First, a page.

If your wheels aren’t properly aligned or balanced, this can lead to uneven tyre wear.  

Not to mention that the reduced lifespan of your tyres means you will have to replace them sooner than expected, which can be an added expense.  

You will likely end up spending more on fuel if your wheels are misaligned as your rolling resistance may increase. 

If your wheels are misaligned then you could end up needing to replace parts such as the tie rods, ball joints or wheel bearings sooner than expected. 

Continuing to drive on unbalanced wheels will mean that the engine has to work harder to maintain speed and stability, thereby increasing your fuel costs over time.  

This will also put more stress on the suspension and steering components, leading to a less smooth ride and meaning that you could have to invest in premature repairs.  

Unbalanced and misaligned wheels can also affect your vehicle’s handling and stability, which could pose real safety concerns and result in accidents, costly repairs, and possibly even insurance claims.


You've Been Driving Over Potholes

Driving over potholes and kerbs is sure to damage your vehicle, causing issues like: 

  • Suspension misalignment 
  • Loose steering 
  • Bent or cracked wheel rims 
  • Loss of tyre grip 

Best to avoid driving over potholes where possible, as this can lead to buckled wheels, tyre lumps, and cracked alloys.

You may knock your wheels out of alignment and balancing, too. 

If you drive over a pothole, you should inspect your wheels and tyres for any damage.  

Listen out for any strange noises or vibrations when you set off again, and check that the steering wheel is driving correctly.  

You should have any issues resolved right away to prevent them from worsening and requiring a more serious and costly repair later down the line. 


You Need to Factor in Depreciation

Depreciation is the reduction of your car’s value over time, and it is one of the most often underestimated costs of car ownership.  

New cars lose a significant portion of their value as soon as you drive them off the lot.

Depreciation then continues throughout a car’s lifetime, and its loss in value is influenced by the vehicle’s mileage and wear and tear.  

If you are financing your car with a loan, you will spend more money in the long run than if you had paid for the car upfront, as the interest accumulates on top of the original purchase price.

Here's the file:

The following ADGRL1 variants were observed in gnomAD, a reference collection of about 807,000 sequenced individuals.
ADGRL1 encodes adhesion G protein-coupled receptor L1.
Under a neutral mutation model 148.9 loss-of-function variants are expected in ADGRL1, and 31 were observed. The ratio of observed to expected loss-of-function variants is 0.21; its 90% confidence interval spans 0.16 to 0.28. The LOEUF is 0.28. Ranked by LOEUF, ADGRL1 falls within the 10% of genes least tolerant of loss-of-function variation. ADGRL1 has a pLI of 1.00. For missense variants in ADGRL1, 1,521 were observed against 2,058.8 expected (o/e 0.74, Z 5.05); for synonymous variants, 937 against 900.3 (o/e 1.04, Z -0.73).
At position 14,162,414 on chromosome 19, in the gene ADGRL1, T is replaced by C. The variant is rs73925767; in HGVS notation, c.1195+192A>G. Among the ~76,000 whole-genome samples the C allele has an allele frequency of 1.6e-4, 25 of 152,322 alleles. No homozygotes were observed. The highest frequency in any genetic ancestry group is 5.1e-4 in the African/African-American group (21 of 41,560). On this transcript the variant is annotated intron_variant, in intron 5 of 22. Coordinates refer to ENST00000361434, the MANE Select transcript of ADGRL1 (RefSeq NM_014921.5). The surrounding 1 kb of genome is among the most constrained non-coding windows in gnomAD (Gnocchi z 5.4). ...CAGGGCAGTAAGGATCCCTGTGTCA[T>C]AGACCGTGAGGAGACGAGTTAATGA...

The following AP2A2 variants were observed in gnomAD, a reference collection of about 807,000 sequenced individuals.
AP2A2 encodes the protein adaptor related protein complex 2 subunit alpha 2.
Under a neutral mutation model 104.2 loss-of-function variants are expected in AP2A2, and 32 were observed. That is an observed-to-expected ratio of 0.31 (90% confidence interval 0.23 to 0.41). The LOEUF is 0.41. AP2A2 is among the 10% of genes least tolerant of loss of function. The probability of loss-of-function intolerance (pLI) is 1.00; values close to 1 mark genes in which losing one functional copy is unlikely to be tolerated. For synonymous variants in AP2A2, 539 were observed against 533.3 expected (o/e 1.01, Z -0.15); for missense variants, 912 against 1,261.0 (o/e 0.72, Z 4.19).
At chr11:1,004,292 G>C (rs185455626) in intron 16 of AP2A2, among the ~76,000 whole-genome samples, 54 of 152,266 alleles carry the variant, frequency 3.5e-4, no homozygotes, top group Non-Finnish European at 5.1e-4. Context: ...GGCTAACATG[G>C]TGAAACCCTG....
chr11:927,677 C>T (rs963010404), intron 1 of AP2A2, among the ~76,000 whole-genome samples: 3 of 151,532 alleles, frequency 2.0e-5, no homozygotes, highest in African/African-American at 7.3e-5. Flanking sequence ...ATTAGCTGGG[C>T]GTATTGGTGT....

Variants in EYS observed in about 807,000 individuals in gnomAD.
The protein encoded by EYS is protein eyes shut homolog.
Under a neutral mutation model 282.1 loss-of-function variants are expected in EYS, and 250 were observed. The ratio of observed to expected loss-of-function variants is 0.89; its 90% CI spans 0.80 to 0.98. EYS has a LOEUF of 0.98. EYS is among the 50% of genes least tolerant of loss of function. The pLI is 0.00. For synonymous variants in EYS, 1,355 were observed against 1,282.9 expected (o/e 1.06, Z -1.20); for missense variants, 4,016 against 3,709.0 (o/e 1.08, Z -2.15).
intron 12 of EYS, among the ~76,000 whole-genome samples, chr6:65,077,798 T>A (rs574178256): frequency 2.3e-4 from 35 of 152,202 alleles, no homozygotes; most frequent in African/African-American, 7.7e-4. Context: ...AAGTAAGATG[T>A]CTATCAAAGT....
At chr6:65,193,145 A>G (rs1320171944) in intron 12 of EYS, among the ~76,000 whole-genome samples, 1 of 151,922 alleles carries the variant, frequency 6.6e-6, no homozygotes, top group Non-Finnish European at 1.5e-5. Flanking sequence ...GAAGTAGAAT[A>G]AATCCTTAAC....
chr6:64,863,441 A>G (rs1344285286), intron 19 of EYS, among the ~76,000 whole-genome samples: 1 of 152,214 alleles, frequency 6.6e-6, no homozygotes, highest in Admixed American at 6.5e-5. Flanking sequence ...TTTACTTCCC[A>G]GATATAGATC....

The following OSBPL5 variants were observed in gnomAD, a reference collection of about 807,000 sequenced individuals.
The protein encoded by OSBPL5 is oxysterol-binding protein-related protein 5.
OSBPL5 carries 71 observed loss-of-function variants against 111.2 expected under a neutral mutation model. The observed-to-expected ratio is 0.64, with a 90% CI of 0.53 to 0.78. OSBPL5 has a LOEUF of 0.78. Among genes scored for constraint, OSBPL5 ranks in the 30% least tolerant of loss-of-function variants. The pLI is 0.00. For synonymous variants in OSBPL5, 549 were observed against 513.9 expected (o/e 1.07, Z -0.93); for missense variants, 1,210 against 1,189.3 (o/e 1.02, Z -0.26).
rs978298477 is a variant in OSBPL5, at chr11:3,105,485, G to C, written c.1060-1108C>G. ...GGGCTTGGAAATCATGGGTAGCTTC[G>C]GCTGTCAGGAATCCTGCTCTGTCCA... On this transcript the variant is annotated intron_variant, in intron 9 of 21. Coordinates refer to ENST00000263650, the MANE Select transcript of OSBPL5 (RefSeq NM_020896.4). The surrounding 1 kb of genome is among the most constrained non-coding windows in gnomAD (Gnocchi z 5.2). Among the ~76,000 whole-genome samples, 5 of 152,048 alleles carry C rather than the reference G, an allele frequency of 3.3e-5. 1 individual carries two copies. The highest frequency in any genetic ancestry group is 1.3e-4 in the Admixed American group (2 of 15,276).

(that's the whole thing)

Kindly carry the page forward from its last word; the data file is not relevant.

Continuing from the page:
When you come to sell or trade in your car, depreciation can have a real impact on the vehicle’s resale value.  

To minimise the impact that depreciation can have on your finances, you may wish to buy a used vehicle, and should take care to invest in regular maintenance. 


You Are Making Unnecessary Trips

Does getting out on the open road help you to clear your mind? 

Whilst this is an incredible way to unwind, you could be unintentionally wasting fuel and increasing maintenance costs if you do this all the time. 

You could do your weekly shop on the same day you go for that solo drive – and you could save money in the process. 

You could even consider carpooling or taking public transportation sometimes instead so that you can save on fuel and avoid unnecessary wear and tear. 


You Are Over-insuring Your Vehicle

Are you paying for more car insurance coverage than you actually need?  

This can result in higher premiums, so it could be time to review your insurance policy.

You can adjust your coverage to reflect your needs so that you aren’t overpaying for car insurance.  

Insurance premiums can vary depending on your age, driving history, location and the type of car you drive.


You've Been Ignoring Dashboard Warning Lights

Dashboard warning lights are there for a reason – to give you time to fix a problem.  

Minor repairs can escalate into major, expensive repairs which you could have avoided by having the issue fixed sooner rather than later.  

Ignoring a check engine light could cause lasting damage to the engine and put yourself and other road users in danger.  

Best to book a repair at the first sign of trouble so you don't end up spending more than you need to.


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We hope you have identified some of the ways that your car could be costing you money by reading this blog.